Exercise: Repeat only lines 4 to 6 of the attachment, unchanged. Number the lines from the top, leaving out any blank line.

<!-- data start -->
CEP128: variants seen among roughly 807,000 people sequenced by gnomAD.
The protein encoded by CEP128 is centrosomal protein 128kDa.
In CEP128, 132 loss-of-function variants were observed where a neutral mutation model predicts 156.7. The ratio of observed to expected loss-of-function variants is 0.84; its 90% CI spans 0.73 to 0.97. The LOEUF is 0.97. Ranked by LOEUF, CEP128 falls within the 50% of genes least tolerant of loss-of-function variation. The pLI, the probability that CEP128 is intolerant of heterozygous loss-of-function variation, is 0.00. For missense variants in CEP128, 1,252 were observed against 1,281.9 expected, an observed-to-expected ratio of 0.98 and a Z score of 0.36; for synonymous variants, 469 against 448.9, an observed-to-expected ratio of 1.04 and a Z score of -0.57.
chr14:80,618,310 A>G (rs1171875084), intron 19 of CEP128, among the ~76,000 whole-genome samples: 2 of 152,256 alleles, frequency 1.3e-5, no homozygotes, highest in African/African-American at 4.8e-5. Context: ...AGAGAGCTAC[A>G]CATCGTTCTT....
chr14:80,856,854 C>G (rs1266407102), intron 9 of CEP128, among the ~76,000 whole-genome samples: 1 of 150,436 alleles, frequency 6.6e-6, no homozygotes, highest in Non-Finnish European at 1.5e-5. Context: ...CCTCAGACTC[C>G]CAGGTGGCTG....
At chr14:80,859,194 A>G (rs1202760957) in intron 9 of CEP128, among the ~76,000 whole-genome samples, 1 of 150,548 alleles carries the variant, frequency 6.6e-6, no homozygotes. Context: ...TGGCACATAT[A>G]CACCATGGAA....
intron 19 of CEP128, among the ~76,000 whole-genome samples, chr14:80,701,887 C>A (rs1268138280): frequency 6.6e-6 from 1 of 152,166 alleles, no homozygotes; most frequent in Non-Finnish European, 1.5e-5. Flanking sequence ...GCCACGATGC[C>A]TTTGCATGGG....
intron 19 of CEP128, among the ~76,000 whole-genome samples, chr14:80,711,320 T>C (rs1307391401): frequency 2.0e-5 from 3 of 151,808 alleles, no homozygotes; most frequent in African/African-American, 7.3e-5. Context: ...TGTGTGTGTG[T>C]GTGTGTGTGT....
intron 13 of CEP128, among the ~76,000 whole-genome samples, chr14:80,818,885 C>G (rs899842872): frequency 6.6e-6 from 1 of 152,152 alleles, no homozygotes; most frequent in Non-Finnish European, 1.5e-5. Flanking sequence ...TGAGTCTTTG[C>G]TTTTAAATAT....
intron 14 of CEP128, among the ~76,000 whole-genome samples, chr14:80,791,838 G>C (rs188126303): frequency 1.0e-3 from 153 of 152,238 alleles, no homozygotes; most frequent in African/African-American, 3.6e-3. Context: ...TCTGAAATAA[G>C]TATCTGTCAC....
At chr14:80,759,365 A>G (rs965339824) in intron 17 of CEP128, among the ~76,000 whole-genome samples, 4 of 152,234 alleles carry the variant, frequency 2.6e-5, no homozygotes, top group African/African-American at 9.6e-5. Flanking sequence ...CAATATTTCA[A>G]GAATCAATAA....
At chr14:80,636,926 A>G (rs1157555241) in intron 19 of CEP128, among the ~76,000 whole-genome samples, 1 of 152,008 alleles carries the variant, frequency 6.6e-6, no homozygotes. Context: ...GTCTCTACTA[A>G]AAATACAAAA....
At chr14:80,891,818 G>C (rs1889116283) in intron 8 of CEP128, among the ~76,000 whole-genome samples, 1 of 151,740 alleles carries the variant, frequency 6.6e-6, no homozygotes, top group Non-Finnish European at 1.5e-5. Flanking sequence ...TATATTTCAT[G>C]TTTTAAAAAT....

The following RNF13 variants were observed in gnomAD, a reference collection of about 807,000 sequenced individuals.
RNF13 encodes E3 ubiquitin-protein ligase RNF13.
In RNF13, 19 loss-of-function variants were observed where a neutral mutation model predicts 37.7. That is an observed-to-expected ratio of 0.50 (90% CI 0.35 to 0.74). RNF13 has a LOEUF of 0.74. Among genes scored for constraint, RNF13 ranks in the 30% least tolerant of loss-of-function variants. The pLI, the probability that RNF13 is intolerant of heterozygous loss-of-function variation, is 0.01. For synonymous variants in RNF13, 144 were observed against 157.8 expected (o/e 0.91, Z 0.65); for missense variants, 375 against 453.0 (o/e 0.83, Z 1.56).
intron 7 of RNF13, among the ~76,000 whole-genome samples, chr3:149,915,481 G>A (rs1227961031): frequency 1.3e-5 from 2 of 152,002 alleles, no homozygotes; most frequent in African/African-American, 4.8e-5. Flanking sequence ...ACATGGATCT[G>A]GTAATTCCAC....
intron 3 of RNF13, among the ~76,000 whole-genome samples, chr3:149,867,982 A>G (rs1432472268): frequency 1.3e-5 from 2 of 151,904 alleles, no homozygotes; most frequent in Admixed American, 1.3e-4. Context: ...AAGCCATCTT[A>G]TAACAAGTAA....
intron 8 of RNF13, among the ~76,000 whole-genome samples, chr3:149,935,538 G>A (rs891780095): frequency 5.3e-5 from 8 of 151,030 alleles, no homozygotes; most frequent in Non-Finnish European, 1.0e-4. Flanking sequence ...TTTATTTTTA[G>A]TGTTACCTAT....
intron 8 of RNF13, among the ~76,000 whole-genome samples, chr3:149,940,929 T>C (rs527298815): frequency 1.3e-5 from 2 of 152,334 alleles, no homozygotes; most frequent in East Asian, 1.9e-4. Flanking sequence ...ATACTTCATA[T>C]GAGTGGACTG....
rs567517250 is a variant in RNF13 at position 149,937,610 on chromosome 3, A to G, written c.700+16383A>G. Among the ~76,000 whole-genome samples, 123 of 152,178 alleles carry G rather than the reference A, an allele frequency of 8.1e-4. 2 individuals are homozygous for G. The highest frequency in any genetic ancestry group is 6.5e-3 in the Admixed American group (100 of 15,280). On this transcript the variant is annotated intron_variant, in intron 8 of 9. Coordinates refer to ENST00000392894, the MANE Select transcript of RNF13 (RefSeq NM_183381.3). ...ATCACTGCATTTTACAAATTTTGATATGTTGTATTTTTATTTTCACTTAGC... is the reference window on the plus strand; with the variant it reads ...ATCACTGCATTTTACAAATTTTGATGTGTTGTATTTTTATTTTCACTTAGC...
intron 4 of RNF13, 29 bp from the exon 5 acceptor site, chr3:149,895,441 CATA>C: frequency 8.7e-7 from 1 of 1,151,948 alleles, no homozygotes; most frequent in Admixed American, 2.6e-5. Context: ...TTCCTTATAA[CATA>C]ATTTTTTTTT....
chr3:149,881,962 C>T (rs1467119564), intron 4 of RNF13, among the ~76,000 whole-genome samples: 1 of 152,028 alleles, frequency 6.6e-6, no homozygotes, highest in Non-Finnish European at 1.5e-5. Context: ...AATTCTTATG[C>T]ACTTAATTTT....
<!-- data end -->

chr14:80,618,310 A>G (rs1171875084), intron 19 of CEP128, among the ~76,000 whole-genome samples: 2 of 152,256 alleles, frequency 1.3e-5, no homozygotes, highest in African/African-American at 4.8e-5. Context: ...AGAGAGCTAC[A>G]CATCGTTCTT....
chr14:80,856,854 C>G (rs1266407102), intron 9 of CEP128, among the ~76,000 whole-genome samples: 1 of 150,436 alleles, frequency 6.6e-6, no homozygotes, highest in Non-Finnish European at 1.5e-5. Context: ...CCTCAGACTC[C>G]CAGGTGGCTG....
At chr14:80,859,194 A>G (rs1202760957) in intron 9 of CEP128, among the ~76,000 whole-genome samples, 1 of 150,548 alleles carries the variant, frequency 6.6e-6, no homozygotes. Context: ...TGGCACATAT[A>G]CACCATGGAA....